This was the view from the Basin Cove Overlook.
I loved this huge old evergreen.
As we got closer to the North Carolina/Virginia state line, the countryside became more open with rolling meadows interspersed with the trees.
It would be a long time before I would tire of scenes like this one (if I ever did).
This next spot, looking down from Wildcat Rocks fascinated us. Check the two photos following this one to see why.
Looking closer into the bottom center of the photo. Down in the middle of nowhere, that’s a homestead clearing.
You can still see the roof of the Caudill cabin through a zoom lens. Amazing! Can you imagine living in that wilderness? When the cabin was built in the late 1800’s the nearest town was Absher which was 8 miles away. The only way in today is by hiking down into the cove. The family still maintains a website here: Caudill Family Cabin Homestead.
It was such a scenic place, we couldn’t resist taking a picture of each other, and “photoshopping” it into one. Without carrying a tripod, when no one is around, this is the way we manage to get pictures of us as a couple.
Not far down the road, we came to the Brinegar homestead.
The Brinegar Cabin was settled by Martin Brinegar in 1885 and occupied until the land was purchased for construction of the Parkway in 1935.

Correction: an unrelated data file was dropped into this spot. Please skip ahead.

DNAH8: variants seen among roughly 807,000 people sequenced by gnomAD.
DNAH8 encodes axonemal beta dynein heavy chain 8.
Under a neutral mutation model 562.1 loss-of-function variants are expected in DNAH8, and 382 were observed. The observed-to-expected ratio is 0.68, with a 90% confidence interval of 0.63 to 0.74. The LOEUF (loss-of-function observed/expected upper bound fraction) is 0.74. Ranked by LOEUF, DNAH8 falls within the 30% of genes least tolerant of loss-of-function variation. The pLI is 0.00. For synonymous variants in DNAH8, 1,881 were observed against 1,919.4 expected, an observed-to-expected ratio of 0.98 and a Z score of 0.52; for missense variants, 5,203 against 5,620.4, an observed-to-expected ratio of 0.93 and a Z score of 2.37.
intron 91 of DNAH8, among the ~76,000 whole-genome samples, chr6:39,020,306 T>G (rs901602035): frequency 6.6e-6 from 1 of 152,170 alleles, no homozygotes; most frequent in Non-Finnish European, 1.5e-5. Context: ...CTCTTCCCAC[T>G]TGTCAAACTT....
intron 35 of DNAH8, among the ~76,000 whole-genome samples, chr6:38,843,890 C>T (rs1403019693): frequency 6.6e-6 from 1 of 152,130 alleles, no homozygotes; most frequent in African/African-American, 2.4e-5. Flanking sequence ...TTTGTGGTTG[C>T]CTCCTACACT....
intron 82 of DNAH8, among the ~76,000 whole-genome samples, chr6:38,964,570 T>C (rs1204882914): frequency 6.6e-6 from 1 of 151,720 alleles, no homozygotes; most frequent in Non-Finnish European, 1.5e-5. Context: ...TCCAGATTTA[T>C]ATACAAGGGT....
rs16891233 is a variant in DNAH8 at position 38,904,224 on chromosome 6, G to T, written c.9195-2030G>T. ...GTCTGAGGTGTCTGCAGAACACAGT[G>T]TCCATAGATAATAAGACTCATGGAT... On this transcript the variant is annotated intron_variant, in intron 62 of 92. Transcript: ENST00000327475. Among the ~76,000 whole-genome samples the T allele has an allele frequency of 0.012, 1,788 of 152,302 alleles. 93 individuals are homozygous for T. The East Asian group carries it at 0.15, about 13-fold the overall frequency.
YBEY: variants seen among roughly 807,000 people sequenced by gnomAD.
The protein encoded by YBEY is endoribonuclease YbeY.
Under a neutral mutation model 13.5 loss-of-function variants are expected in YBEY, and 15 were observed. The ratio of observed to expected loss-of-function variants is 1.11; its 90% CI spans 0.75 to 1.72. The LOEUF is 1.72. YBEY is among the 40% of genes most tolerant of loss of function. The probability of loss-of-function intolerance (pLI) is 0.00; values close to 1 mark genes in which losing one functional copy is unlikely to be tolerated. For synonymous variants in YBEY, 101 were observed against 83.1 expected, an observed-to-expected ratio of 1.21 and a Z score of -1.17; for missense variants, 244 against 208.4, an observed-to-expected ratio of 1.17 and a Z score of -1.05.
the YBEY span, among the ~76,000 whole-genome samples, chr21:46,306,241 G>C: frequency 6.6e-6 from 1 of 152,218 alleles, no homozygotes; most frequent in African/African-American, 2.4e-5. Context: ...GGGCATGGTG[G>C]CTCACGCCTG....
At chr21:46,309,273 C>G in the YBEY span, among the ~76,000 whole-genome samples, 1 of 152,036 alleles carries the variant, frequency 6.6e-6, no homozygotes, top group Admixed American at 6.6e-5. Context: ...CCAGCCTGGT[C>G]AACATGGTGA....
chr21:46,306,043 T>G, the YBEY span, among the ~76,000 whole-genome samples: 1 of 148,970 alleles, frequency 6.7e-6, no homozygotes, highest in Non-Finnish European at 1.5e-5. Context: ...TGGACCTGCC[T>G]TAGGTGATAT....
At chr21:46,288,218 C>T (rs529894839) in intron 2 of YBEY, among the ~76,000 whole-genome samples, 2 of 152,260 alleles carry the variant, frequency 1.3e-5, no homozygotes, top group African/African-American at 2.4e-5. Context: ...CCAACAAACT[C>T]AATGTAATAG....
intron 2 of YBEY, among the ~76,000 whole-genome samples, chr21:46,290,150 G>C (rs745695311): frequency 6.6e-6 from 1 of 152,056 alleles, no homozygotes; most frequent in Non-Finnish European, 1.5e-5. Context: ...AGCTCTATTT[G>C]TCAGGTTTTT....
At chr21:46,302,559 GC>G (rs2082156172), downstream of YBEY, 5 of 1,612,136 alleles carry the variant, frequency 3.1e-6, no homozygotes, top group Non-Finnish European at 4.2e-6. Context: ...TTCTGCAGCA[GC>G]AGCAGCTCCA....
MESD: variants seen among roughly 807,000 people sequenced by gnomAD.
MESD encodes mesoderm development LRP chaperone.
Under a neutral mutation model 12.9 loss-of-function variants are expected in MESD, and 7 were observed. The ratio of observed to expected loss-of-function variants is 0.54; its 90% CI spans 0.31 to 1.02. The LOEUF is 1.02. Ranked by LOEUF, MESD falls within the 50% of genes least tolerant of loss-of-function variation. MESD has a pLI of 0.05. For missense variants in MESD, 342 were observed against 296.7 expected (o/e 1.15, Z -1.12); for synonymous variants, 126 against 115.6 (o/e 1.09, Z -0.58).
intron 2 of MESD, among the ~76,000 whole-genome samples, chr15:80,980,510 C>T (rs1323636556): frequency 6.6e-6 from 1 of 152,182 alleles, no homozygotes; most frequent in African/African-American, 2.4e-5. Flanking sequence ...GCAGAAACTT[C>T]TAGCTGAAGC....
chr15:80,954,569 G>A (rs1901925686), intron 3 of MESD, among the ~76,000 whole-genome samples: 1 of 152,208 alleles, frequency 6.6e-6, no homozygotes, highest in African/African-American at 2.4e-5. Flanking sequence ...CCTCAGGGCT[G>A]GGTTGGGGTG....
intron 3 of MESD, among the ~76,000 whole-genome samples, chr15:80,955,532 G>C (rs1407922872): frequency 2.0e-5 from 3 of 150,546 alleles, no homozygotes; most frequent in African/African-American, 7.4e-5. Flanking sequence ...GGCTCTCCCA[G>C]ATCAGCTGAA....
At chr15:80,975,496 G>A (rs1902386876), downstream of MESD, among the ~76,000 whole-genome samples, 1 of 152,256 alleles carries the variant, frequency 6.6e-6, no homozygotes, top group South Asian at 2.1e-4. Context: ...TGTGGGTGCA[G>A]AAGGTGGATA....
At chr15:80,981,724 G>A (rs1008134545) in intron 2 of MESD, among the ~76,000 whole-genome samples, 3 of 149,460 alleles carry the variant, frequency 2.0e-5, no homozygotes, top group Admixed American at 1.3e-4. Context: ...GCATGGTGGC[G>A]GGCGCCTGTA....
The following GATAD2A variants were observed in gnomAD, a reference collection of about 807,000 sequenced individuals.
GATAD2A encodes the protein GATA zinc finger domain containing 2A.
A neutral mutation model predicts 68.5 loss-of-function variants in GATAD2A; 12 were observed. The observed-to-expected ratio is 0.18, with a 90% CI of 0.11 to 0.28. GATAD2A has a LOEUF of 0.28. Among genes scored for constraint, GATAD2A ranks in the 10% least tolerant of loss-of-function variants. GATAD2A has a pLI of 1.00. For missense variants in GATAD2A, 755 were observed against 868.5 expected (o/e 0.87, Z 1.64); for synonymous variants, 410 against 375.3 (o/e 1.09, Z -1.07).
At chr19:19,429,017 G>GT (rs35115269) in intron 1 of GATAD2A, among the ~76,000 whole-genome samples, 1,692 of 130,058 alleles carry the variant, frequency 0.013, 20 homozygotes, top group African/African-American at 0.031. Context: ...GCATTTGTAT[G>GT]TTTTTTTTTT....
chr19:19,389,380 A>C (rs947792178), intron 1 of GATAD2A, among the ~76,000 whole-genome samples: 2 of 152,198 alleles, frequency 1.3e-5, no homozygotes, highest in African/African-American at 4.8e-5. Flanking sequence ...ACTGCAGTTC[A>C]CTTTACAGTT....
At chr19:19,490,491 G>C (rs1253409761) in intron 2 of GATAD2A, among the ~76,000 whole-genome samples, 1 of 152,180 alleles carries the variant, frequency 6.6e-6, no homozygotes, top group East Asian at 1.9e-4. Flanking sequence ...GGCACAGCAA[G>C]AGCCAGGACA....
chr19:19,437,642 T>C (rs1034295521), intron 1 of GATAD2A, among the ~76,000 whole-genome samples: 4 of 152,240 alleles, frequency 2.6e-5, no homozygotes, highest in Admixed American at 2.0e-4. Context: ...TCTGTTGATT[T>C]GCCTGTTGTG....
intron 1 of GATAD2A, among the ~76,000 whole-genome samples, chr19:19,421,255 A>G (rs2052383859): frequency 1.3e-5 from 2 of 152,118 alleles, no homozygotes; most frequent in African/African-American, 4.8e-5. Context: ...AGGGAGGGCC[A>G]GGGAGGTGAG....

A vegetable and herb garden is well maintained at the homesite.
The cabin has an over one century old loom that is still used in craft demonstrations in the summer months. The cabin was locked when we were there, but we could glimpse the interior through the window.
There is an outhouse and spring house as well.From an overlook not far away, you could spot quite a community below. Wonder what the Caudills and Brinegars would think of the area now?
Standing out from the endless rolling green mountains of the Blue Ridge is Stone Mountain. The 600 foot dome of exposed granite is a result of millions of years of changes to the landscape revealing what we see today. Even though the granite outcropping was extremely attractive to area miners, the area's terrain proved to difficult to access.
As a result, the land was donated to the State of North Carolina and would become part of Stone Mountain State Park in 1969.
One of my favorite stops on the Blue Ridge Parkway was just across the state line in Virginia, the Blue Ridge Music Center.
As we approached the building, strains of music floated outward. A couple of musicians was performing. A performance is daily at the center, featuring different musicians from the area.
We sat and listened for a while then entered the building to tour the museum. The Roots of American Music museum is fantastic, covering county music’s evolution from the days of the slave spirituals forward. A multi media museum, it features displays of instruments, audio renderings of songs and videos of such icons as Mother Maybelle.
The following photos are but a sampling of all the museum has on display.
What a wonderful tribute to American music this facility is, and what a great way to end another day on the Parkway!